In an exhaustive eighteen-page letter attached to the text of the Privacy Shield, Office of the Director of National Intelligence General Counsel Robert Litt made the case that U.S. signals intelligence collection is “as tailored as feasible and [that] signals intelligence collected in bulk can only be used for specific enumerated purposes.” Litt concluded with a blunt appeal to European sensibilities: the U.S. intelligence community “does not engage in indiscriminate surveillance of anyone, including ordinary European citizens….U.S. intelligence agencies do not have the legal authority, the resources, the technical capability or the desire to intercept all of the world’s communications. Those agencies are not reading the emails of everyone in the United States, or of everyone in the world.”
Litt’s detailed letter is a crucial part of the European Commission’s ongoing efforts to persuade EU member states to approve the Privacy Shield on the basis that the possibility of NSA access to data transferred under the Privacy Shield nonetheless squares with the ECJ’s necessity and proportionality standard. The Commission’s proposed finding of ‘adequacy’ for the Privacy Shield—the key step in the EU approval process—cites Litt’s statement that bulk collection of internet communications by U.S. signals intelligence operates on only a very small proportion of the Internet, adding delicately that this “also covers possible access to the transatlantic cables (which the U.S. government neither confirms nor denies is taking place).”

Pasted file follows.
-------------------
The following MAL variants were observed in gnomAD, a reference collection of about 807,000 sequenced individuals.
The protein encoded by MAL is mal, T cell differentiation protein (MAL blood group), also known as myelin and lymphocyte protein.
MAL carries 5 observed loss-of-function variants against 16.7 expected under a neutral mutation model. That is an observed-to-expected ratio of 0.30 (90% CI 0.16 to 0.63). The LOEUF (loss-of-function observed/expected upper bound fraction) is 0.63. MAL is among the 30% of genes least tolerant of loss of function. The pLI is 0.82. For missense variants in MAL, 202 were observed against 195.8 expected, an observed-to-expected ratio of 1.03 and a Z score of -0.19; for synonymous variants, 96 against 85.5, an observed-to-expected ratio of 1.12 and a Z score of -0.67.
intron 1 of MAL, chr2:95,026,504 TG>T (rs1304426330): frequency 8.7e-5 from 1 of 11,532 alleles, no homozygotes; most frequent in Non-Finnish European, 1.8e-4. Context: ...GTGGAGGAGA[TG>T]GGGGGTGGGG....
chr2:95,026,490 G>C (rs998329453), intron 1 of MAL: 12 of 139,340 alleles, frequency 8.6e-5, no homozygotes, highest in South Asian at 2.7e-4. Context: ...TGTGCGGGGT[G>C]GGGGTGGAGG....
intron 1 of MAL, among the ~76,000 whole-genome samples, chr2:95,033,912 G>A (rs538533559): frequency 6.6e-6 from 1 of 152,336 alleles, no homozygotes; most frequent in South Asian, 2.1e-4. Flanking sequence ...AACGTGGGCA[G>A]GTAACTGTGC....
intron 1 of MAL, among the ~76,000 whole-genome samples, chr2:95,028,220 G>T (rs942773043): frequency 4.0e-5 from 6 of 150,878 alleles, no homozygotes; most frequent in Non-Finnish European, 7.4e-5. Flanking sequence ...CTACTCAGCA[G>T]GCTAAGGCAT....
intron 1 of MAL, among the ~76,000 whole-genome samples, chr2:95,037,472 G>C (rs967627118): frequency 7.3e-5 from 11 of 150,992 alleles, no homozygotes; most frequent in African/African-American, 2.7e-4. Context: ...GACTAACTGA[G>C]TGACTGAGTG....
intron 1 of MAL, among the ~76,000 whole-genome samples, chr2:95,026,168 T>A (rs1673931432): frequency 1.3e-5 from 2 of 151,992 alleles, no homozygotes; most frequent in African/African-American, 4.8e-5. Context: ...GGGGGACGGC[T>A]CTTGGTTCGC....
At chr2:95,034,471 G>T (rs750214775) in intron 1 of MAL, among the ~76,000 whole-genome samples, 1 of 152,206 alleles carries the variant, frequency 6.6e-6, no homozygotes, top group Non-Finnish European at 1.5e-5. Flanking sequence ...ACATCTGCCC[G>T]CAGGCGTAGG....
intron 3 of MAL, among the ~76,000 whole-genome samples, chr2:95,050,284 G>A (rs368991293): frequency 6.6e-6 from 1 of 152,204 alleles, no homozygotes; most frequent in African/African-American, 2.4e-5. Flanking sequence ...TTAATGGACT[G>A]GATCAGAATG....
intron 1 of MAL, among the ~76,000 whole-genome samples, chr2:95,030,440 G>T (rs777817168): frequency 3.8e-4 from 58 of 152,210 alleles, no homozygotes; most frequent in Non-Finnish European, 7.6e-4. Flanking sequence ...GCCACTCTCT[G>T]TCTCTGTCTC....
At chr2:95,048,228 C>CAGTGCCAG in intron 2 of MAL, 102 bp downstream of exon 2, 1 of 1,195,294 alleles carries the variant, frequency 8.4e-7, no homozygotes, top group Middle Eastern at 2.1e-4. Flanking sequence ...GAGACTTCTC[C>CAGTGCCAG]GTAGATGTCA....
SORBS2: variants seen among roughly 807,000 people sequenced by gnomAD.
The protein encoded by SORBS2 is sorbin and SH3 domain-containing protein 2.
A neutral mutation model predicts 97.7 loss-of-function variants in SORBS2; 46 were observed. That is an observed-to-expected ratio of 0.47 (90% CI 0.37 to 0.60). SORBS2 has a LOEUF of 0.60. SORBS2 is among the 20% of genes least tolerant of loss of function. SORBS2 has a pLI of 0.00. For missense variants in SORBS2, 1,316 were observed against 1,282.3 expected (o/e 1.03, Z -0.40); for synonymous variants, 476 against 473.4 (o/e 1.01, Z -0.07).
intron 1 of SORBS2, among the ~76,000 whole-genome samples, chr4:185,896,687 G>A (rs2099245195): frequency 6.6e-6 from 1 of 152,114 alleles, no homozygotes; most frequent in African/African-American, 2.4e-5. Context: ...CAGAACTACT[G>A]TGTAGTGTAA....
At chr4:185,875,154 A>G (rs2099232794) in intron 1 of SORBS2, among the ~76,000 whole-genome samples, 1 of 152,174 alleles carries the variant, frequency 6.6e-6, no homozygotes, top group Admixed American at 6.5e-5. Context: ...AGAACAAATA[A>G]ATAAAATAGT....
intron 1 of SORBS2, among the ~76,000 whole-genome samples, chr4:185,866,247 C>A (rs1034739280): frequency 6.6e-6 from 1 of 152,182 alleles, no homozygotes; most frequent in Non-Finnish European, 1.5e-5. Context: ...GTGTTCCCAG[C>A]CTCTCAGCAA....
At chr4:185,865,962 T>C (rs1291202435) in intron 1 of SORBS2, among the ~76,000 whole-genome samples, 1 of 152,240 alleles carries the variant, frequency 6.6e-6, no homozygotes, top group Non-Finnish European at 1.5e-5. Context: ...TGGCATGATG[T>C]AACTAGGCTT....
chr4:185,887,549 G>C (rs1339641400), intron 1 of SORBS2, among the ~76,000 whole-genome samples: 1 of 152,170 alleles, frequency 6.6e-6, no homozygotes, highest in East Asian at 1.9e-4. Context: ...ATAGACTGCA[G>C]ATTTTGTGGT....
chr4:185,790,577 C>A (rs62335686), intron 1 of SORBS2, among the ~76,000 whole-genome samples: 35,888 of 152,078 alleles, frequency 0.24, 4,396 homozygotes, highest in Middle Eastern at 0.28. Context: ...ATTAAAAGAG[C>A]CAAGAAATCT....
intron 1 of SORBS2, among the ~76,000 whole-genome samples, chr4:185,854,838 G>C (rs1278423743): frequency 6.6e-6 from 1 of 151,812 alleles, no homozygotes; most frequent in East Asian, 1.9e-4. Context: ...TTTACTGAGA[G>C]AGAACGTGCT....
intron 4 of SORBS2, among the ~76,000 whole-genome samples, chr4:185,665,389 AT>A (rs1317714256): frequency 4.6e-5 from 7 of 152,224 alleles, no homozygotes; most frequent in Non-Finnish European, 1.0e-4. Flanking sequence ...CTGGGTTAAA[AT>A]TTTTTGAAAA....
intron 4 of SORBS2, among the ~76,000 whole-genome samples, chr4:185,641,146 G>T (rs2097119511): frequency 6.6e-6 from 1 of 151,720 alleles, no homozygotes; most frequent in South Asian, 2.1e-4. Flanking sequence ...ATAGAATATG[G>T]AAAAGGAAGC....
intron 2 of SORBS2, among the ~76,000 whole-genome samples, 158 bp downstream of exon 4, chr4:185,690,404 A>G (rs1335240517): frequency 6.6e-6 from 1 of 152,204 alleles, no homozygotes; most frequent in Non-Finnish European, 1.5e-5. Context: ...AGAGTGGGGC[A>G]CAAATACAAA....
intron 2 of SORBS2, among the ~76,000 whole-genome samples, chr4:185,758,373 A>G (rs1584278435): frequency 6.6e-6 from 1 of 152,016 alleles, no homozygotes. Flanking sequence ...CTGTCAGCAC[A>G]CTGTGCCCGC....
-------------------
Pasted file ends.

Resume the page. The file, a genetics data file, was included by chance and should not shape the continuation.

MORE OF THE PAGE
However, as recent pronouncements have made evident, European privacy regulators and the European Parliament insist on casting the issue as whether the United States engages in ‘massive and indiscriminate’ collection of personal data. Transparently, they are looking to the upcoming U.K and Swedish cases, and to the Canada PNR case, as opportunities for the ECJ to restrain the practice of bulk data collection.
A judicial challenge to the Privacy Shield itself in coming months is also quite likely, and the issue of the necessity and proportionality of U.S. national security bulk collection practices almost inevitably will be part of the case. The detail provided in the Litt letter should force the ECJ to go beyond its broad-brush characterization in Schrems that U.S. national security access to communications occurs “on a generalized basis,” and to dig into the reality of the U.S. legal framework for signals intelligence collection.
In the end, the issues that the ECJ will decide in all these cases are very similar to those that the U.S. Supreme Court has grappled with in its evolving 4th Amendment jurisprudence involving digital data. But while the Supreme Court has begun to adjust its doctrine in light of technological changes in law enforcement techniques, the judgments coming from the European Court of Justice so far have had a formalistic, almost hermetic quality to them. It’s time for Europe to acknowledge that bulk data collection and privacy are not utterly in conflict, and to find a way out of the thicket in which it is increasingly entangled.